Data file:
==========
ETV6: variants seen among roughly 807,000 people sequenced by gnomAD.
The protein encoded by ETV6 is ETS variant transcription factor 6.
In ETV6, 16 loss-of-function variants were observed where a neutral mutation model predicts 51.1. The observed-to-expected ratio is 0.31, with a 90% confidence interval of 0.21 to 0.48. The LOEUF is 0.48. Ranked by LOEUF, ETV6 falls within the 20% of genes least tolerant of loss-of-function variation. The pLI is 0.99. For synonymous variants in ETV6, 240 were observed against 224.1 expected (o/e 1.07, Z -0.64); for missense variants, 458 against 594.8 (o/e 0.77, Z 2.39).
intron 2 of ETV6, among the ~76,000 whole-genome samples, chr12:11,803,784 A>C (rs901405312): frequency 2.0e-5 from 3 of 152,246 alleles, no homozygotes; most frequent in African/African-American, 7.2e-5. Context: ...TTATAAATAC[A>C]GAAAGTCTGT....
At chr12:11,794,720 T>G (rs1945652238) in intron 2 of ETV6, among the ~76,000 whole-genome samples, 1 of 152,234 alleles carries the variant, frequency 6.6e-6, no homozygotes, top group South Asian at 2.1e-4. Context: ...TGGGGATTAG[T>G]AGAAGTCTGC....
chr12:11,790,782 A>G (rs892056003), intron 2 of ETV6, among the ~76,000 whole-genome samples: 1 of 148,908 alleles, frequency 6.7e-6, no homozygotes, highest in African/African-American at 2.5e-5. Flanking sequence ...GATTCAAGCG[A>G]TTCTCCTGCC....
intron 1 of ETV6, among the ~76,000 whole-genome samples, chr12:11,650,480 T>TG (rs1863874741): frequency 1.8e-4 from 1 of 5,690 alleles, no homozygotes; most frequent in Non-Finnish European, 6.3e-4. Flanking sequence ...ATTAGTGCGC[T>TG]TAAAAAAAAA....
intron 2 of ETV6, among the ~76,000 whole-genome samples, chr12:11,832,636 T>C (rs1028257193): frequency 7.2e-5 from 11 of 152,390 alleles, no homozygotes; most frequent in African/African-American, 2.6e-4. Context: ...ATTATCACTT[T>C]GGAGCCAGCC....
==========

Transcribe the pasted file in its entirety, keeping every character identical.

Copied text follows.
ETV6: variants seen among roughly 807,000 people sequenced by gnomAD.
The protein encoded by ETV6 is ETS variant transcription factor 6.
In ETV6, 16 loss-of-function variants were observed where a neutral mutation model predicts 51.1. The observed-to-expected ratio is 0.31, with a 90% confidence interval of 0.21 to 0.48. The LOEUF is 0.48. Ranked by LOEUF, ETV6 falls within the 20% of genes least tolerant of loss-of-function variation. The pLI is 0.99. For synonymous variants in ETV6, 240 were observed against 224.1 expected (o/e 1.07, Z -0.64); for missense variants, 458 against 594.8 (o/e 0.77, Z 2.39).
intron 2 of ETV6, among the ~76,000 whole-genome samples, chr12:11,803,784 A>C (rs901405312): frequency 2.0e-5 from 3 of 152,246 alleles, no homozygotes; most frequent in African/African-American, 7.2e-5. Context: ...TTATAAATAC[A>C]GAAAGTCTGT....
At chr12:11,794,720 T>G (rs1945652238) in intron 2 of ETV6, among the ~76,000 whole-genome samples, 1 of 152,234 alleles carries the variant, frequency 6.6e-6, no homozygotes, top group South Asian at 2.1e-4. Context: ...TGGGGATTAG[T>G]AGAAGTCTGC....
chr12:11,790,782 A>G (rs892056003), intron 2 of ETV6, among the ~76,000 whole-genome samples: 1 of 148,908 alleles, frequency 6.7e-6, no homozygotes, highest in African/African-American at 2.5e-5. Flanking sequence ...GATTCAAGCG[A>G]TTCTCCTGCC....
intron 1 of ETV6, among the ~76,000 whole-genome samples, chr12:11,650,480 T>TG (rs1863874741): frequency 1.8e-4 from 1 of 5,690 alleles, no homozygotes; most frequent in Non-Finnish European, 6.3e-4. Flanking sequence ...ATTAGTGCGC[T>TG]TAAAAAAAAA....
intron 2 of ETV6, among the ~76,000 whole-genome samples, chr12:11,832,636 T>C (rs1028257193): frequency 7.2e-5 from 11 of 152,390 alleles, no homozygotes; most frequent in African/African-American, 2.6e-4. Context: ...ATTATCACTT[T>C]GGAGCCAGCC....